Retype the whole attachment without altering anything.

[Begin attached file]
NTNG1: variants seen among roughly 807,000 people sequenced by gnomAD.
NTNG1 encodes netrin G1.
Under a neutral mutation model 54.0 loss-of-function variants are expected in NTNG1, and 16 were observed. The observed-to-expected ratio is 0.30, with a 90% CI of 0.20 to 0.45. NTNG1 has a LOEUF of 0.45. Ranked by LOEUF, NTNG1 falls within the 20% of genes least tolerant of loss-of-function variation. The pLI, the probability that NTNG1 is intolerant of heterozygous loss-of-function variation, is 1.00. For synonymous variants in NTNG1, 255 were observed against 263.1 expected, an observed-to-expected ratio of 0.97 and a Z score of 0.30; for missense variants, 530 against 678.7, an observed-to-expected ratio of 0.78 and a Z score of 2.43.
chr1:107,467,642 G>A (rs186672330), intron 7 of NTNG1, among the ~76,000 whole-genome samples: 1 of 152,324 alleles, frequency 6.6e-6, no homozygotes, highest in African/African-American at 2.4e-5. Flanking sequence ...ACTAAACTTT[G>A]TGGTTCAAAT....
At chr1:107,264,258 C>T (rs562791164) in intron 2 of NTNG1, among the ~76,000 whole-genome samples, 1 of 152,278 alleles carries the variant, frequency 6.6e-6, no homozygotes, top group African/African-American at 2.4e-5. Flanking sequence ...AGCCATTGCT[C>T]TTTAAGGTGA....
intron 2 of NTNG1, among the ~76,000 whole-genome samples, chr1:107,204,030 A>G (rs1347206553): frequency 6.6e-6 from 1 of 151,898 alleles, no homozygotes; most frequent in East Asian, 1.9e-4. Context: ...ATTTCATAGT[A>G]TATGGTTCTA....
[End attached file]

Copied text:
NTNG1: variants seen among roughly 807,000 people sequenced by gnomAD.
NTNG1 encodes netrin G1.
Under a neutral mutation model 54.0 loss-of-function variants are expected in NTNG1, and 16 were observed. The observed-to-expected ratio is 0.30, with a 90% CI of 0.20 to 0.45. NTNG1 has a LOEUF of 0.45. Ranked by LOEUF, NTNG1 falls within the 20% of genes least tolerant of loss-of-function variation. The pLI, the probability that NTNG1 is intolerant of heterozygous loss-of-function variation, is 1.00. For synonymous variants in NTNG1, 255 were observed against 263.1 expected, an observed-to-expected ratio of 0.97 and a Z score of 0.30; for missense variants, 530 against 678.7, an observed-to-expected ratio of 0.78 and a Z score of 2.43.
chr1:107,467,642 G>A (rs186672330), intron 7 of NTNG1, among the ~76,000 whole-genome samples: 1 of 152,324 alleles, frequency 6.6e-6, no homozygotes, highest in African/African-American at 2.4e-5. Flanking sequence ...ACTAAACTTT[G>A]TGGTTCAAAT....
At chr1:107,264,258 C>T (rs562791164) in intron 2 of NTNG1, among the ~76,000 whole-genome samples, 1 of 152,278 alleles carries the variant, frequency 6.6e-6, no homozygotes, top group African/African-American at 2.4e-5. Flanking sequence ...AGCCATTGCT[C>T]TTTAAGGTGA....
intron 2 of NTNG1, among the ~76,000 whole-genome samples, chr1:107,204,030 A>G (rs1347206553): frequency 6.6e-6 from 1 of 151,898 alleles, no homozygotes; most frequent in East Asian, 1.9e-4. Context: ...ATTTCATAGT[A>G]TATGGTTCTA....